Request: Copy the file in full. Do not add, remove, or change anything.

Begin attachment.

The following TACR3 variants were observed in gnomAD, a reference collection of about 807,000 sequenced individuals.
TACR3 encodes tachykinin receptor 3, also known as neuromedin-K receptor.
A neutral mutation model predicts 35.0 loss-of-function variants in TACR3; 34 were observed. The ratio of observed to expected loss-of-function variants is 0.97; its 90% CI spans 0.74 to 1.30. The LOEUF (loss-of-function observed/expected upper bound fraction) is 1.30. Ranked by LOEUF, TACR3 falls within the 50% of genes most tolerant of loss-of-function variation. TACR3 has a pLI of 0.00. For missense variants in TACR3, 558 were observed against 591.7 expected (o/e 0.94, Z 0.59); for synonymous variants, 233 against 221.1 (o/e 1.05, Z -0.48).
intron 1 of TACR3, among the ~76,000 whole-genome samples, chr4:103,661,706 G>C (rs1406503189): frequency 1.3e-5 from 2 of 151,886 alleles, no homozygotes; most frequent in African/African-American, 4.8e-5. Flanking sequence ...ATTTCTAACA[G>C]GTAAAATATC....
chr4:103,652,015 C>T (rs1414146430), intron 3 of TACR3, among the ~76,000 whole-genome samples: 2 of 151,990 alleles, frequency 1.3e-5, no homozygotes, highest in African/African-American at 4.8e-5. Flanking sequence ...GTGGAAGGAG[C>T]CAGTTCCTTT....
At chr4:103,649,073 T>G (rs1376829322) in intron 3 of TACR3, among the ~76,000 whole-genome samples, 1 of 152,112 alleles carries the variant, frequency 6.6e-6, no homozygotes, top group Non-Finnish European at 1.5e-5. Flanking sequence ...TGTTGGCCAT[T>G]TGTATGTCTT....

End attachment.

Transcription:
The following TACR3 variants were observed in gnomAD, a reference collection of about 807,000 sequenced individuals.
TACR3 encodes tachykinin receptor 3, also known as neuromedin-K receptor.
A neutral mutation model predicts 35.0 loss-of-function variants in TACR3; 34 were observed. The ratio of observed to expected loss-of-function variants is 0.97; its 90% CI spans 0.74 to 1.30. The LOEUF (loss-of-function observed/expected upper bound fraction) is 1.30. Ranked by LOEUF, TACR3 falls within the 50% of genes most tolerant of loss-of-function variation. TACR3 has a pLI of 0.00. For missense variants in TACR3, 558 were observed against 591.7 expected (o/e 0.94, Z 0.59); for synonymous variants, 233 against 221.1 (o/e 1.05, Z -0.48).
intron 1 of TACR3, among the ~76,000 whole-genome samples, chr4:103,661,706 G>C (rs1406503189): frequency 1.3e-5 from 2 of 151,886 alleles, no homozygotes; most frequent in African/African-American, 4.8e-5. Flanking sequence ...ATTTCTAACA[G>C]GTAAAATATC....
chr4:103,652,015 C>T (rs1414146430), intron 3 of TACR3, among the ~76,000 whole-genome samples: 2 of 151,990 alleles, frequency 1.3e-5, no homozygotes, highest in African/African-American at 4.8e-5. Flanking sequence ...GTGGAAGGAG[C>T]CAGTTCCTTT....
At chr4:103,649,073 T>G (rs1376829322) in intron 3 of TACR3, among the ~76,000 whole-genome samples, 1 of 152,112 alleles carries the variant, frequency 6.6e-6, no homozygotes, top group Non-Finnish European at 1.5e-5. Flanking sequence ...TGTTGGCCAT[T>G]TGTATGTCTT....